Zim­babwe’s first lady has made a bold move into pol­i­tics, alarm­ing those chal­leng­ing her hus­band

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She’s most fa­mous for be­ing la­belled “Zim­babwe’s First Shop­per”, but Grace Mu­gabe has sounded a warn­ing to those who don’t think she’ll make it in pol­i­tics – she’s learnt from her hus­band Robert and she’s ready for power. Grace, who mar­ried the coun­try’s pres­i­dent in 1996, has been nom­i­nated as sec­re­tary of the rul­ing Zanu-PF’s Women’s League.

The Women’s League rec­om­mended her ap­point­ment to the po­si­tion at her 49th birth­day party at her or­phan­age in Ma­zowe two weeks ago.

Although the nom­i­na­tion is yet to be rat­i­fied, some of the party’s most se­nior politi­cians have said pub­licly they be­lieve she’s a shoo-in.

Her move into pol­i­tics has alarmed those chal­leng­ing her hus­band for the lead­er­ship of Zanu-PF be­cause they don’t dare in­sult her with­out in­cit­ing his wrath.

Grace’s rise be­gan when she joined the pres­i­dent’s of­fice in the early 1990s as a typ­ist and sec­re­tary. The two mar­ried af­ter Robert’s first wife, Sally, died. It was also her sec­ond mar­riage (she was pre­vi­ously mar­ried to Stan­ley Gor­eraza, a pilot with the Air Force of Zim­babwe, and has a son with him).

Both her and her hus­band’s re­mar­riage raised eye­brows in con­ser­va­tive cir­cles, and op­po­si­tion politi­cians have openly ques­tioned Grace’s morals in par­tic­u­lar.

But she couldn’t care less. This is a woman who, in 2009, punched pho­to­jour­nal­ist Richard Jones be­cause he’d taken pic­tures of her while she was on a shop­ping spree in Asia.

Com­ment­ing on those who have crit­i­cised her for re­mar­ry­ing, she said at a re­cent Zanu-PF rally: “It did not start to­day that a man mar­ries two wives. I will not feel bad about it. Let them write what­ever they want.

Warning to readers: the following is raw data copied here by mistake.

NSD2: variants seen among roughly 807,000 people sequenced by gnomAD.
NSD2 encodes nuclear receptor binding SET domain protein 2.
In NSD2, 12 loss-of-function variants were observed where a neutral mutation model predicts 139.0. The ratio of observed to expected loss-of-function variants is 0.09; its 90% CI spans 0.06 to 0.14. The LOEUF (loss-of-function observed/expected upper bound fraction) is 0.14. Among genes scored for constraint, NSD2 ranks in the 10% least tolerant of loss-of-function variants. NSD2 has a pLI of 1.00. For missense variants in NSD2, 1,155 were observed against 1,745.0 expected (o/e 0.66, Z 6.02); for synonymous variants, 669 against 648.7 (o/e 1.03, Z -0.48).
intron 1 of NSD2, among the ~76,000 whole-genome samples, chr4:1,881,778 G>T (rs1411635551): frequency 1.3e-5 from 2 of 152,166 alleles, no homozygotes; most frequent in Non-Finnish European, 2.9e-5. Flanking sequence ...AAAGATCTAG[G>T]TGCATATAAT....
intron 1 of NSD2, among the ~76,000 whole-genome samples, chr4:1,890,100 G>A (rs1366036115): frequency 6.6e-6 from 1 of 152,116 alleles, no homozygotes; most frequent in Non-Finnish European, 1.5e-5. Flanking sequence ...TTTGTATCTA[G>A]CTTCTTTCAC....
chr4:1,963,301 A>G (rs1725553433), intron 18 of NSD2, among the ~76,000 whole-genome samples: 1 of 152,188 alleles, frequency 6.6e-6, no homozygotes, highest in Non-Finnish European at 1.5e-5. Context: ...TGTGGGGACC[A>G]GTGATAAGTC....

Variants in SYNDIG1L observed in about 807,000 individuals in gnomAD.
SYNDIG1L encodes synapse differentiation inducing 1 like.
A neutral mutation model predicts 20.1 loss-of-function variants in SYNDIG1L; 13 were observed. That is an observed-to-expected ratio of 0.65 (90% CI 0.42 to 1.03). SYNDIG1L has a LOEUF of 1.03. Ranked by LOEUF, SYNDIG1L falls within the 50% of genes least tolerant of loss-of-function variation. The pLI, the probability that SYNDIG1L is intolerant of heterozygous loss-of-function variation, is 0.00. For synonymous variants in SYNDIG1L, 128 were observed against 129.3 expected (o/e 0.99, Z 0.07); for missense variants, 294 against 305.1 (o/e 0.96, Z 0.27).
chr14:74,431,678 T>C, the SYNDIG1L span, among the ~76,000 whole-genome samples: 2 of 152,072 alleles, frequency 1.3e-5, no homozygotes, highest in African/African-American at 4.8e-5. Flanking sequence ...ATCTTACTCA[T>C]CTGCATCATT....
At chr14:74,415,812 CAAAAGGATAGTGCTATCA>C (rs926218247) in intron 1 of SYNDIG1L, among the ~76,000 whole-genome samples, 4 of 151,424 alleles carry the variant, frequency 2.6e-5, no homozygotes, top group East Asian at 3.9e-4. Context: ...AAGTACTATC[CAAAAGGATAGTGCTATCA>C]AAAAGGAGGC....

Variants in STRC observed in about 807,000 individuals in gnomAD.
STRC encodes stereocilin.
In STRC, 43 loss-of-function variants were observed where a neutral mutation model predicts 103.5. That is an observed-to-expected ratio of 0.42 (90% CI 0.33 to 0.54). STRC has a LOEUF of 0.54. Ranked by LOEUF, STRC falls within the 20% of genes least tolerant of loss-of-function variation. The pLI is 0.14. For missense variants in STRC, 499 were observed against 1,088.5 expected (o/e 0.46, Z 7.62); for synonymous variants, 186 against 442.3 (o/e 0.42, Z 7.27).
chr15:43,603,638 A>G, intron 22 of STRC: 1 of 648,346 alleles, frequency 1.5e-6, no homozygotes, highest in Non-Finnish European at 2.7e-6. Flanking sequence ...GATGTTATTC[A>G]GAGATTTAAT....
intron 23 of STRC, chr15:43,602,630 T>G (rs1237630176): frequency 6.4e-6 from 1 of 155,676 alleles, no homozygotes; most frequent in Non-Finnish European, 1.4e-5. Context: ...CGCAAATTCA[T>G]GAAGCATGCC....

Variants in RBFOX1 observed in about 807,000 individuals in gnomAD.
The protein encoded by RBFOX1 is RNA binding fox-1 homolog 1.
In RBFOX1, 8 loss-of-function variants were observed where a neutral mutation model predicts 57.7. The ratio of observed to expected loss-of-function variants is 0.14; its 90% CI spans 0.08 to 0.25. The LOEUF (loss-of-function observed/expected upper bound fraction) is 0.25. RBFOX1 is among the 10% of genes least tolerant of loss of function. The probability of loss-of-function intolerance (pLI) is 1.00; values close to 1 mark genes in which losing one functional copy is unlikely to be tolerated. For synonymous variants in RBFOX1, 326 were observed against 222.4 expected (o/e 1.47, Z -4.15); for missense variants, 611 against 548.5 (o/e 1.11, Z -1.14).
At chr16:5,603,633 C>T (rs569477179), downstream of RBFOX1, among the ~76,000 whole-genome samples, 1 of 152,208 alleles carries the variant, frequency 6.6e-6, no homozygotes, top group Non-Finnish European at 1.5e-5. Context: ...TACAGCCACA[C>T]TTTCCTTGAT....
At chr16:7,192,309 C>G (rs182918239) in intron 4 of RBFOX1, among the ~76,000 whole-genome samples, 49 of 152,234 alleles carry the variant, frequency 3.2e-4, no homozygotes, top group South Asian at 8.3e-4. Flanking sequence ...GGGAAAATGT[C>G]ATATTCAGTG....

“South African Pres­i­dent Ja­cob Zuma has many wives. I ad­mire him be­cause he stands for what he wants.”

Zim­bab­wean po­lit­i­cal an­a­lyst Dinizulu Ma­ca­phu­lana ar­gues that the coun­try’s first lady is an enigma, which means many will un­der­es­ti­mate what she’s ca­pa­ble of.

“There is a mul­ti­plic­ity of per­sonas in Grace. She is many en­ti­ties in one, de­pend­ing on what the stakes are, and what the en­try and exit points of her agen­das are.

“For us to pick one char­ac­ter­is­tic of her and go to town with it as the def­i­ni­tion of Grace Mu­gabe, we might end up re­main­ing with a bunch of feathers in our hands when the hawk it­self has flown off,” Ma­ca­phu­lana said.

She may not yet hold for­mal po­lit­i­cal power, but she is pow­er­ful.

“My time has come to show peo­ple what I am made of,” Grace warned thou­sands of young­sters who gath­ered at her Amai Grace Mu­gabe Chil­dren’s Home a week ago.

“I have been with Pres­i­dent Mu­gabe for many years study­ing his lead­er­ship. I will em­u­late his can­did and vi­sion­ary lead­er­ship.”

And his sharp tongue, it seems – she went on to fire ver­bal warn­ing shots at Deputy Jus­tice and Le­gal Af­fairs Min­is­ter For­tune Chasi, who has ac­cused her of be­ing in­volved in il­le­gal land­grabs and at­tempt­ing to ex­pand her or­phan­age by oc­cu­py­ing other peo­ple’s land.

“I might have a small fist. But when it comes to fight­ing, I will put stones in­side to en­large or even put on gloves to make it big­ger. Do not doubt my ca­pa­bil­i­ties. I don’t worry, I will rein him [Chasi] in,” she said.

I have been with Pres­i­dent Mu­gabe for many years study­ing his lead­er­ship. I will em­u­late his can­did and vi­sion­ary lead­er­ship



EYE ON THE PRIZE Grace Mu­gabe, pic­tured here at a Zanu-PF rally in 2005, is mak­ing her own move for po­lit­i­cal power

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